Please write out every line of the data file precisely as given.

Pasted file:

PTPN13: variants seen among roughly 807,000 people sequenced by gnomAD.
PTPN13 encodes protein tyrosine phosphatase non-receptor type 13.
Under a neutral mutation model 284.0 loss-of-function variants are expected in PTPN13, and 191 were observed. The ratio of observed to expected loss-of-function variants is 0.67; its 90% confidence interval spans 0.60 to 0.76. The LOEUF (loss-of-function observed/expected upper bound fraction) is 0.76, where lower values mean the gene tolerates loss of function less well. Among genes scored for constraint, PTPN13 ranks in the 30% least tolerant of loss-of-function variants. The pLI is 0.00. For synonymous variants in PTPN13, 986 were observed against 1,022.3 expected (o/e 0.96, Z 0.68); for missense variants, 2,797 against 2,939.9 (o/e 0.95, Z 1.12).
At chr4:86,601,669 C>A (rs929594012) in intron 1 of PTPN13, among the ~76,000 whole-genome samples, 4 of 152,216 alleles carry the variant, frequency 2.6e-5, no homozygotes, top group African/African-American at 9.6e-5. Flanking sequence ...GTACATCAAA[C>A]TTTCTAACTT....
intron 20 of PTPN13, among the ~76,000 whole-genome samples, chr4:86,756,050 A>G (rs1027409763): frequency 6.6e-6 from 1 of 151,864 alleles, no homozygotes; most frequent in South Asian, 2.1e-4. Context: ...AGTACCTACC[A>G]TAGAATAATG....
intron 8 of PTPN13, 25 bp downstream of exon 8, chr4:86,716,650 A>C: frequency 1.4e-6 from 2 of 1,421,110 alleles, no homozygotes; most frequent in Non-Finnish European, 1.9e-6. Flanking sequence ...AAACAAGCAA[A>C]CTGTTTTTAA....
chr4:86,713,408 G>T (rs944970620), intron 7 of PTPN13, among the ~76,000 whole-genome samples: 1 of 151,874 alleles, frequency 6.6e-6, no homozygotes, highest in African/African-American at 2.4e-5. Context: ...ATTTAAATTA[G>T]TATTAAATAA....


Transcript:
PTPN13: variants seen among roughly 807,000 people sequenced by gnomAD.
PTPN13 encodes protein tyrosine phosphatase non-receptor type 13.
Under a neutral mutation model 284.0 loss-of-function variants are expected in PTPN13, and 191 were observed. The ratio of observed to expected loss-of-function variants is 0.67; its 90% confidence interval spans 0.60 to 0.76. The LOEUF (loss-of-function observed/expected upper bound fraction) is 0.76, where lower values mean the gene tolerates loss of function less well. Among genes scored for constraint, PTPN13 ranks in the 30% least tolerant of loss-of-function variants. The pLI is 0.00. For synonymous variants in PTPN13, 986 were observed against 1,022.3 expected (o/e 0.96, Z 0.68); for missense variants, 2,797 against 2,939.9 (o/e 0.95, Z 1.12).
At chr4:86,601,669 C>A (rs929594012) in intron 1 of PTPN13, among the ~76,000 whole-genome samples, 4 of 152,216 alleles carry the variant, frequency 2.6e-5, no homozygotes, top group African/African-American at 9.6e-5. Flanking sequence ...GTACATCAAA[C>A]TTTCTAACTT....
intron 20 of PTPN13, among the ~76,000 whole-genome samples, chr4:86,756,050 A>G (rs1027409763): frequency 6.6e-6 from 1 of 151,864 alleles, no homozygotes; most frequent in South Asian, 2.1e-4. Context: ...AGTACCTACC[A>G]TAGAATAATG....
intron 8 of PTPN13, 25 bp downstream of exon 8, chr4:86,716,650 A>C: frequency 1.4e-6 from 2 of 1,421,110 alleles, no homozygotes; most frequent in Non-Finnish European, 1.9e-6. Flanking sequence ...AAACAAGCAA[A>C]CTGTTTTTAA....
chr4:86,713,408 G>T (rs944970620), intron 7 of PTPN13, among the ~76,000 whole-genome samples: 1 of 151,874 alleles, frequency 6.6e-6, no homozygotes, highest in African/African-American at 2.4e-5. Context: ...ATTTAAATTA[G>T]TATTAAATAA....